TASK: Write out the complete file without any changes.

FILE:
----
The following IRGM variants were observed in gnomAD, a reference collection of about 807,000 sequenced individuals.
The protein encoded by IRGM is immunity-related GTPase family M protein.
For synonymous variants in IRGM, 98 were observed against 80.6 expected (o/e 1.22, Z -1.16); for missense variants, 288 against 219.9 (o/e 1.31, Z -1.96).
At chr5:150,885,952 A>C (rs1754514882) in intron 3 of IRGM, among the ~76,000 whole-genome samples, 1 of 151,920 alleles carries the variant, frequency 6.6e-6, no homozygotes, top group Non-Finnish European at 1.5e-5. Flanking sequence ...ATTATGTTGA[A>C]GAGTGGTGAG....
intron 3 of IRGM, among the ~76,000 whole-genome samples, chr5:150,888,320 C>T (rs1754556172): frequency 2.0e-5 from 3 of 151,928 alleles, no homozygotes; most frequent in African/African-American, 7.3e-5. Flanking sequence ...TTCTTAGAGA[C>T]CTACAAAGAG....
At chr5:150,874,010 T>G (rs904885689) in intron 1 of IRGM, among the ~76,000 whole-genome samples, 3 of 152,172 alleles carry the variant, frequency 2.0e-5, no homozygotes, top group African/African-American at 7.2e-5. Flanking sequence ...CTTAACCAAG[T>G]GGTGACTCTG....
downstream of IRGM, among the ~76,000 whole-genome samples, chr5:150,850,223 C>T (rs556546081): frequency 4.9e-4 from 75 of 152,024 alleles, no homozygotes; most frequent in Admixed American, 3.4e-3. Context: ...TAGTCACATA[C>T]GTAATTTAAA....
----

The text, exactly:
The following IRGM variants were observed in gnomAD, a reference collection of about 807,000 sequenced individuals.
The protein encoded by IRGM is immunity-related GTPase family M protein.
For synonymous variants in IRGM, 98 were observed against 80.6 expected (o/e 1.22, Z -1.16); for missense variants, 288 against 219.9 (o/e 1.31, Z -1.96).
At chr5:150,885,952 A>C (rs1754514882) in intron 3 of IRGM, among the ~76,000 whole-genome samples, 1 of 151,920 alleles carries the variant, frequency 6.6e-6, no homozygotes, top group Non-Finnish European at 1.5e-5. Flanking sequence ...ATTATGTTGA[A>C]GAGTGGTGAG....
intron 3 of IRGM, among the ~76,000 whole-genome samples, chr5:150,888,320 C>T (rs1754556172): frequency 2.0e-5 from 3 of 151,928 alleles, no homozygotes; most frequent in African/African-American, 7.3e-5. Flanking sequence ...TTCTTAGAGA[C>T]CTACAAAGAG....
At chr5:150,874,010 T>G (rs904885689) in intron 1 of IRGM, among the ~76,000 whole-genome samples, 3 of 152,172 alleles carry the variant, frequency 2.0e-5, no homozygotes, top group African/African-American at 7.2e-5. Flanking sequence ...CTTAACCAAG[T>G]GGTGACTCTG....
downstream of IRGM, among the ~76,000 whole-genome samples, chr5:150,850,223 C>T (rs556546081): frequency 4.9e-4 from 75 of 152,024 alleles, no homozygotes; most frequent in Admixed American, 3.4e-3. Context: ...TAGTCACATA[C>T]GTAATTTAAA....